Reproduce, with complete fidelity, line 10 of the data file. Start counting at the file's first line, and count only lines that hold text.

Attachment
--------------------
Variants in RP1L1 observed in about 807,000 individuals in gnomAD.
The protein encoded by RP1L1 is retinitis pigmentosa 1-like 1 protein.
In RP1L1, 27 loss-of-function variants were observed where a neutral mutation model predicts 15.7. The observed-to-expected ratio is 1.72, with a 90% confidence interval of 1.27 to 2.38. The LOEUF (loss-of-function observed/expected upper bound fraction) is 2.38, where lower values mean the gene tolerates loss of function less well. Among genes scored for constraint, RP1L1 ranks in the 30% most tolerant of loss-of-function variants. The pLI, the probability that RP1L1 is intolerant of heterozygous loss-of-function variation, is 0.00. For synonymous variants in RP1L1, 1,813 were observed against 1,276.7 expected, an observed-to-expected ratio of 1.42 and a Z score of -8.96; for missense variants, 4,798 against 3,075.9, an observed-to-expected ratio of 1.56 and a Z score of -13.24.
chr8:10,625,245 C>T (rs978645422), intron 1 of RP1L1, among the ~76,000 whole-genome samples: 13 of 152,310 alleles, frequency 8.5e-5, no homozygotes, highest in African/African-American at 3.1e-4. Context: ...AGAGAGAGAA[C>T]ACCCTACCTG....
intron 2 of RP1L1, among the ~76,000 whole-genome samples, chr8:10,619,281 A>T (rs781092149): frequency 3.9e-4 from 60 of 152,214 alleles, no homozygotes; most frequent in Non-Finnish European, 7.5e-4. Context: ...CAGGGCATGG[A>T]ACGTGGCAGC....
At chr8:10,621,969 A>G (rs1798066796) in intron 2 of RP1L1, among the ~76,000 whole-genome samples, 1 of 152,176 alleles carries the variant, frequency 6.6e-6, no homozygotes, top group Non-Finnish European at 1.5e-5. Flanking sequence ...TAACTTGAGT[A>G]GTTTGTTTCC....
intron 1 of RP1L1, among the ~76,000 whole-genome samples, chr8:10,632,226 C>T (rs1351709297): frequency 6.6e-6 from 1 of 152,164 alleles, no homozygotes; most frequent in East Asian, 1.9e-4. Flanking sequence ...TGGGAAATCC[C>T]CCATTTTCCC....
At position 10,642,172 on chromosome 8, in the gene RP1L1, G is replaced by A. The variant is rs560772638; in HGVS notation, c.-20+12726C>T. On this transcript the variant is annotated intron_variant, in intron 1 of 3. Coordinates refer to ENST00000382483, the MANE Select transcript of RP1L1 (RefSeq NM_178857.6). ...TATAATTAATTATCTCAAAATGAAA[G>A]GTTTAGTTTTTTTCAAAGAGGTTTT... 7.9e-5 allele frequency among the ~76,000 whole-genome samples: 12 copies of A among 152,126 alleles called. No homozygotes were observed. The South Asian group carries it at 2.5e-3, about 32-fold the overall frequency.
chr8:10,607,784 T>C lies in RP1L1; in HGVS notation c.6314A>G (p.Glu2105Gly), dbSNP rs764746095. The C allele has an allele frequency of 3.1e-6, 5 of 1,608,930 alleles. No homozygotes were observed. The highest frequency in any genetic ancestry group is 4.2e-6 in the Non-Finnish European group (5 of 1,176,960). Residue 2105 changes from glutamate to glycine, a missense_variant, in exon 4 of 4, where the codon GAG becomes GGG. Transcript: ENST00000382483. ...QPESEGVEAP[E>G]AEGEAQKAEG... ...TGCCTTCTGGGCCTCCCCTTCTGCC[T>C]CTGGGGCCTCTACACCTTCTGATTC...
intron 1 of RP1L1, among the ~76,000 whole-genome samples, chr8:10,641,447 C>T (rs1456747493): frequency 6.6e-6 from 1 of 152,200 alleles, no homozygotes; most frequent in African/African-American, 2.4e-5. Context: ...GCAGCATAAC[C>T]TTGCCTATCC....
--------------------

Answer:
intron 1 of RP1L1, among the ~76,000 whole-genome samples, chr8:10,641,447 C>T (rs1456747493): frequency 6.6e-6 from 1 of 152,200 alleles, no homozygotes; most frequent in African/African-American, 2.4e-5. Context: ...GCAGCATAAC[C>T]TTGCCTATCC....